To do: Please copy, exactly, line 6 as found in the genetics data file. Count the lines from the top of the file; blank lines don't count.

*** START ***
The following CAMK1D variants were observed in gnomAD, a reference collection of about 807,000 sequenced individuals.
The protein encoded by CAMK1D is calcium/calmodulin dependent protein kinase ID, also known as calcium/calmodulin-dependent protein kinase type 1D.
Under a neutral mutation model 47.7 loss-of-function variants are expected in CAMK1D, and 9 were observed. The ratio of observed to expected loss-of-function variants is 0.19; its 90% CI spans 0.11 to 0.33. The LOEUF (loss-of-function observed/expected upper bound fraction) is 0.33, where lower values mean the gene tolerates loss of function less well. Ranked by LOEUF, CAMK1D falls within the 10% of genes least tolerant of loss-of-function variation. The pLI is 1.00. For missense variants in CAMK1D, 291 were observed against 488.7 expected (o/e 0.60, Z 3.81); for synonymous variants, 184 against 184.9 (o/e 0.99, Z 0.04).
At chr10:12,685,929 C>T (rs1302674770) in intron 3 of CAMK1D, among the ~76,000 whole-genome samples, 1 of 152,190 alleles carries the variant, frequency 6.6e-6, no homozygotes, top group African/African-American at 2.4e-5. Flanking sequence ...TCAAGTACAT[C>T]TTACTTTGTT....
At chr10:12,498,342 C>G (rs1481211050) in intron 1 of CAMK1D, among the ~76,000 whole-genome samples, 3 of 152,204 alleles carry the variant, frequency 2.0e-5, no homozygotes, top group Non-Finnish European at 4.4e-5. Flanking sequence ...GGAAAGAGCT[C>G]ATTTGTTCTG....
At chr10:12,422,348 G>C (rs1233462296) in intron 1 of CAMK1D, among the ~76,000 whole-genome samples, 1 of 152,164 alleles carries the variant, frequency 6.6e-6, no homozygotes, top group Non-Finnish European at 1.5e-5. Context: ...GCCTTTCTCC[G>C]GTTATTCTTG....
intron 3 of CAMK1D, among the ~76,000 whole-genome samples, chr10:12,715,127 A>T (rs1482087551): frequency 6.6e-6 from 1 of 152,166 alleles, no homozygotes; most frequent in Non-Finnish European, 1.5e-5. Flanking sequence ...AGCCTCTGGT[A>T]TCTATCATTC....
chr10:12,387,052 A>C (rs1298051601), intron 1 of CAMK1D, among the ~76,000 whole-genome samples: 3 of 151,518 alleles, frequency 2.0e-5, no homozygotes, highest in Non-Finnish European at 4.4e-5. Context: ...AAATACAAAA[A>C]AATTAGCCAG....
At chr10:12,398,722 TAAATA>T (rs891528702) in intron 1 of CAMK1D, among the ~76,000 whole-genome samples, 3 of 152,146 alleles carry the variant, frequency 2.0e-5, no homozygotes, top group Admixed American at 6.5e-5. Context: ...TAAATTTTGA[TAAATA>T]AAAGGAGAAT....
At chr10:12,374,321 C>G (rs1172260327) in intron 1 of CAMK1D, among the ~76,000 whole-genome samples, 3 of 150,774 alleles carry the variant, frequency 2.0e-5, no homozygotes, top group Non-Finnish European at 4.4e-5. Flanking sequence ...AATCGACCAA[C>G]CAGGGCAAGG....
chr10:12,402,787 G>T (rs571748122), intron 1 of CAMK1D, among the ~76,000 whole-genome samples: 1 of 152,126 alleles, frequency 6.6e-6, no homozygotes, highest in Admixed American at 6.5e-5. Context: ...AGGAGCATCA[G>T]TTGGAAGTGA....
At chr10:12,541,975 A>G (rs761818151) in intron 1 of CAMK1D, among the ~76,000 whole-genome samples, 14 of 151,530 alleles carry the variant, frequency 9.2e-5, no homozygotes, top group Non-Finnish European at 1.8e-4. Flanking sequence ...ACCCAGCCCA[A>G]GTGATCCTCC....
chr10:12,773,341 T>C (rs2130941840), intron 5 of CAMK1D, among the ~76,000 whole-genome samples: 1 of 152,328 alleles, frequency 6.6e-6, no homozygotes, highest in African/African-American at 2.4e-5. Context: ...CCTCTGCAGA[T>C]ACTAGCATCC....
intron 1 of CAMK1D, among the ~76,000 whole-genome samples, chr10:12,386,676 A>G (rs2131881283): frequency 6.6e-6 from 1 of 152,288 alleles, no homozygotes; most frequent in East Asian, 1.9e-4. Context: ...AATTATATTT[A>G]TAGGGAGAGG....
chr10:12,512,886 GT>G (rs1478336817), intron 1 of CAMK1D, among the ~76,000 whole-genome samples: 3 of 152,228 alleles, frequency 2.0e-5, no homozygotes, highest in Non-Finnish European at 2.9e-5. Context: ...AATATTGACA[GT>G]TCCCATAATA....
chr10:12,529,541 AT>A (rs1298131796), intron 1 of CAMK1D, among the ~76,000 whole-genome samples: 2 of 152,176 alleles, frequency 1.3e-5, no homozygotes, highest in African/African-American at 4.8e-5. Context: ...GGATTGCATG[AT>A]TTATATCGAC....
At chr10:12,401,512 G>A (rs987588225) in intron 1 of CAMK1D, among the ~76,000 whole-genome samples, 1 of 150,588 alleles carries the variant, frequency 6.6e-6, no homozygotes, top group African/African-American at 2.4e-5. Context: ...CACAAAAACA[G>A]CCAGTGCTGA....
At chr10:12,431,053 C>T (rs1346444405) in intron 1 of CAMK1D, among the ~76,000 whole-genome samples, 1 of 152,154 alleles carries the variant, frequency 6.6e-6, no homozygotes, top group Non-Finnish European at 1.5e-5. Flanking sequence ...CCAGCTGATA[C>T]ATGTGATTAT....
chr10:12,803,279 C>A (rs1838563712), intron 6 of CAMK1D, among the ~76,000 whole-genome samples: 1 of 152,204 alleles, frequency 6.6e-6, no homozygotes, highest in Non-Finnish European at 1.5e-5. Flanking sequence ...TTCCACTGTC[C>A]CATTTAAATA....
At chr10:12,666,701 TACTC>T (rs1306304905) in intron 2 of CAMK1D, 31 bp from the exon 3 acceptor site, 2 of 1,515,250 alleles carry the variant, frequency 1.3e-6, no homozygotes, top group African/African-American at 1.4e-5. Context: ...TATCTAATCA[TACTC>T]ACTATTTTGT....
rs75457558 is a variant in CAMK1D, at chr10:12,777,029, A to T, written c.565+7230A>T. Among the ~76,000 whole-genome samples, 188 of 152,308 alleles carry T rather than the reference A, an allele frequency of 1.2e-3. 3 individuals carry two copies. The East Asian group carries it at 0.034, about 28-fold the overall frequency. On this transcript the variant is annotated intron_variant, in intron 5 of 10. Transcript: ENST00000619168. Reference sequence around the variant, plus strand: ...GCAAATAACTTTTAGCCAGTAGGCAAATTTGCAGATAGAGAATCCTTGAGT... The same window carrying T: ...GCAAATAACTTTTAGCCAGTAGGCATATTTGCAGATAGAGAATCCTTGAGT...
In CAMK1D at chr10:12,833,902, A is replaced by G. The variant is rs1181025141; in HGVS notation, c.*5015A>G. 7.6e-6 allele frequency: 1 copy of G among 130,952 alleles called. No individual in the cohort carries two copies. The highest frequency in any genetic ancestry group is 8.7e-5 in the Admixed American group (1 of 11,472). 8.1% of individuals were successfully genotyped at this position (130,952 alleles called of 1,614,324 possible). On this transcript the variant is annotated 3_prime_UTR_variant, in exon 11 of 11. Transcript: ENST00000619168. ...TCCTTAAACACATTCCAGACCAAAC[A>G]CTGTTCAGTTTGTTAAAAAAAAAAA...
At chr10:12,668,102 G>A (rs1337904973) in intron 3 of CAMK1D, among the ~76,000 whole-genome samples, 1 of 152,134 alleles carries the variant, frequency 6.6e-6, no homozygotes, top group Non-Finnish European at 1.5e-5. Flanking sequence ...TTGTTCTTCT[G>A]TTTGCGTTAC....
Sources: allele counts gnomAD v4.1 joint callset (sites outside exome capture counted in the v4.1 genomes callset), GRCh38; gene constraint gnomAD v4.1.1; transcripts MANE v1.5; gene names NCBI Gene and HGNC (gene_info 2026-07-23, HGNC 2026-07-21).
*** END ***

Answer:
At chr10:12,422,348 G>C (rs1233462296) in intron 1 of CAMK1D, among the ~76,000 whole-genome samples, 1 of 152,164 alleles carries the variant, frequency 6.6e-6, no homozygotes, top group Non-Finnish European at 1.5e-5. Context: ...GCCTTTCTCC[G>C]GTTATTCTTG....